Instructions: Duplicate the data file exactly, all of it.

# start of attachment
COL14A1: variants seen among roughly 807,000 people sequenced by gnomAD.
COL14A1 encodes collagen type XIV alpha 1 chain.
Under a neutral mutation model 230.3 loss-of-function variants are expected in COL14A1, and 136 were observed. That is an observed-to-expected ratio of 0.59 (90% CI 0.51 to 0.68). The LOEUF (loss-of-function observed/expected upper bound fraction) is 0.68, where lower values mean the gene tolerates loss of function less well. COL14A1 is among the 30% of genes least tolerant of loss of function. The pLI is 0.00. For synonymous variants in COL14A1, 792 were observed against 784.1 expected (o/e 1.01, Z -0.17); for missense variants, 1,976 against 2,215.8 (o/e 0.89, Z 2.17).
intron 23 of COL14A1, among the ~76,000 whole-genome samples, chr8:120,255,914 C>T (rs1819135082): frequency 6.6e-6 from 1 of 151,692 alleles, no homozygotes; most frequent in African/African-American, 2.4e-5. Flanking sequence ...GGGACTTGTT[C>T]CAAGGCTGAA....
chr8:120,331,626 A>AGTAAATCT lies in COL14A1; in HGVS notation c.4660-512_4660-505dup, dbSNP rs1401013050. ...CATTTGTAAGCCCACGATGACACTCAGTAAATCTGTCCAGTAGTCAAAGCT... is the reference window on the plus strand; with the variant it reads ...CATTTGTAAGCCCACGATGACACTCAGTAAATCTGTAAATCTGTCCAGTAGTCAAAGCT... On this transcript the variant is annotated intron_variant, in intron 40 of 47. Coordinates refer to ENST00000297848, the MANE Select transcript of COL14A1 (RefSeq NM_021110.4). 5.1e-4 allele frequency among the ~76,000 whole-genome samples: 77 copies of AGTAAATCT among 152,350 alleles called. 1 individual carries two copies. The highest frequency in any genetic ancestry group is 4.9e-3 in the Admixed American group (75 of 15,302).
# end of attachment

COL14A1: variants seen among roughly 807,000 people sequenced by gnomAD.
COL14A1 encodes collagen type XIV alpha 1 chain.
Under a neutral mutation model 230.3 loss-of-function variants are expected in COL14A1, and 136 were observed. That is an observed-to-expected ratio of 0.59 (90% CI 0.51 to 0.68). The LOEUF (loss-of-function observed/expected upper bound fraction) is 0.68, where lower values mean the gene tolerates loss of function less well. COL14A1 is among the 30% of genes least tolerant of loss of function. The pLI is 0.00. For synonymous variants in COL14A1, 792 were observed against 784.1 expected (o/e 1.01, Z -0.17); for missense variants, 1,976 against 2,215.8 (o/e 0.89, Z 2.17).
intron 23 of COL14A1, among the ~76,000 whole-genome samples, chr8:120,255,914 C>T (rs1819135082): frequency 6.6e-6 from 1 of 151,692 alleles, no homozygotes; most frequent in African/African-American, 2.4e-5. Flanking sequence ...GGGACTTGTT[C>T]CAAGGCTGAA....
chr8:120,331,626 A>AGTAAATCT lies in COL14A1; in HGVS notation c.4660-512_4660-505dup, dbSNP rs1401013050. ...CATTTGTAAGCCCACGATGACACTCAGTAAATCTGTCCAGTAGTCAAAGCT... is the reference window on the plus strand; with the variant it reads ...CATTTGTAAGCCCACGATGACACTCAGTAAATCTGTAAATCTGTCCAGTAGTCAAAGCT... On this transcript the variant is annotated intron_variant, in intron 40 of 47. Coordinates refer to ENST00000297848, the MANE Select transcript of COL14A1 (RefSeq NM_021110.4). 5.1e-4 allele frequency among the ~76,000 whole-genome samples: 77 copies of AGTAAATCT among 152,350 alleles called. 1 individual carries two copies. The highest frequency in any genetic ancestry group is 4.9e-3 in the Admixed American group (75 of 15,302).